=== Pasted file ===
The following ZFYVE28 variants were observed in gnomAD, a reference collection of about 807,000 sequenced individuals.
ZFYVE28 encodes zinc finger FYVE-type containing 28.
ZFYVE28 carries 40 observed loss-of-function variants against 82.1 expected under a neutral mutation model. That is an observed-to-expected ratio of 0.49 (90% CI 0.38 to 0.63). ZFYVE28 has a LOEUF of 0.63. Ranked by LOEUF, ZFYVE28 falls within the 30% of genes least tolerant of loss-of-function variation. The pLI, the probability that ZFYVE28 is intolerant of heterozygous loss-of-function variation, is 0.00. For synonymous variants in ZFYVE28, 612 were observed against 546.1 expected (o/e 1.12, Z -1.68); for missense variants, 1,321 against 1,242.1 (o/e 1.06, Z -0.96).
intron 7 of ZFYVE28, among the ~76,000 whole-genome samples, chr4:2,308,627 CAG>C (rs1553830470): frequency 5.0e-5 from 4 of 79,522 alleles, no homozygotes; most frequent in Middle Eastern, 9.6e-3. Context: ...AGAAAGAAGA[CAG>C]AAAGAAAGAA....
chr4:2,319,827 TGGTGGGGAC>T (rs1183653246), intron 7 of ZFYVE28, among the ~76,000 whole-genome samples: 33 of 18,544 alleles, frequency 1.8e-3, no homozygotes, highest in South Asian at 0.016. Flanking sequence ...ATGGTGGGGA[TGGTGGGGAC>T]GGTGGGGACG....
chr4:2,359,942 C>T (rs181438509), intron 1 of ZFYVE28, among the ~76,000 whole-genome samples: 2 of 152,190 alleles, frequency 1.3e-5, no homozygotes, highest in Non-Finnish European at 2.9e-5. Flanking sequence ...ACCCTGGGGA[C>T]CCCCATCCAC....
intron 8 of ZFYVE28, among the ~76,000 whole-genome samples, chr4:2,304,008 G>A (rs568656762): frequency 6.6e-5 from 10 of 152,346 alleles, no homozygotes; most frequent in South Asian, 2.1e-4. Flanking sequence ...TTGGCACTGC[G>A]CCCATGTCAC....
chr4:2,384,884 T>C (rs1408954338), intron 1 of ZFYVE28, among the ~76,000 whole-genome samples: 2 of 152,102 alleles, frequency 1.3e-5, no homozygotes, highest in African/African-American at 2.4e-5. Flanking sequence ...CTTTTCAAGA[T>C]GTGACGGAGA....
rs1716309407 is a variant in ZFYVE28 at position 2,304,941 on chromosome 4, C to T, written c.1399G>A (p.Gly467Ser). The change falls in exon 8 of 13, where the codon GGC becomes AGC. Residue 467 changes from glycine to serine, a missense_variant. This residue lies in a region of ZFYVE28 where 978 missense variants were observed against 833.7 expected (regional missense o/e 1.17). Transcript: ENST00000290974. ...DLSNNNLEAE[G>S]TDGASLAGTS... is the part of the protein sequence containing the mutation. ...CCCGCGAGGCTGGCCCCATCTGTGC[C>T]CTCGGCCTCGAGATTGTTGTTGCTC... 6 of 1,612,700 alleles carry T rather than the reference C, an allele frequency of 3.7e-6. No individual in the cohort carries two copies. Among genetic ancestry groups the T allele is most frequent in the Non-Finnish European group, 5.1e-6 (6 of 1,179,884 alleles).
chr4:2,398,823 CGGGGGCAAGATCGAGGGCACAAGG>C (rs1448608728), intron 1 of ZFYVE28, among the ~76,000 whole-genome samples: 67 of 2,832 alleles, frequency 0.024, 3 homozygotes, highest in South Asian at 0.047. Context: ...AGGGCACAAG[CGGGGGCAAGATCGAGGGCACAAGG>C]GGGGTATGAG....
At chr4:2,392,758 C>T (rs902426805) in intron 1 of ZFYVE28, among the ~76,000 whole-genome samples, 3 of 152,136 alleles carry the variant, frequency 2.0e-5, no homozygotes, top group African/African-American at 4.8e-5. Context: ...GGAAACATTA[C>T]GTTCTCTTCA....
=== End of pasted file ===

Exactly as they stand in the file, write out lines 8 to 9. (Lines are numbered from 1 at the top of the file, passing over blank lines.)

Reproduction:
chr4:2,384,884 T>C (rs1408954338), intron 1 of ZFYVE28, among the ~76,000 whole-genome samples: 2 of 152,102 alleles, frequency 1.3e-5, no homozygotes, highest in African/African-American at 2.4e-5. Flanking sequence ...CTTTTCAAGA[T>C]GTGACGGAGA....
rs1716309407 is a variant in ZFYVE28 at position 2,304,941 on chromosome 4, C to T, written c.1399G>A (p.Gly467Ser). The change falls in exon 8 of 13, where the codon GGC becomes AGC. Residue 467 changes from glycine to serine, a missense_variant. This residue lies in a region of ZFYVE28 where 978 missense variants were observed against 833.7 expected (regional missense o/e 1.17). Transcript: ENST00000290974. ...DLSNNNLEAE[G>S]TDGASLAGTS... is the part of the protein sequence containing the mutation. ...CCCGCGAGGCTGGCCCCATCTGTGC[C>T]CTCGGCCTCGAGATTGTTGTTGCTC... 6 of 1,612,700 alleles carry T rather than the reference C, an allele frequency of 3.7e-6. No individual in the cohort carries two copies. Among genetic ancestry groups the T allele is most frequent in the Non-Finnish European group, 5.1e-6 (6 of 1,179,884 alleles).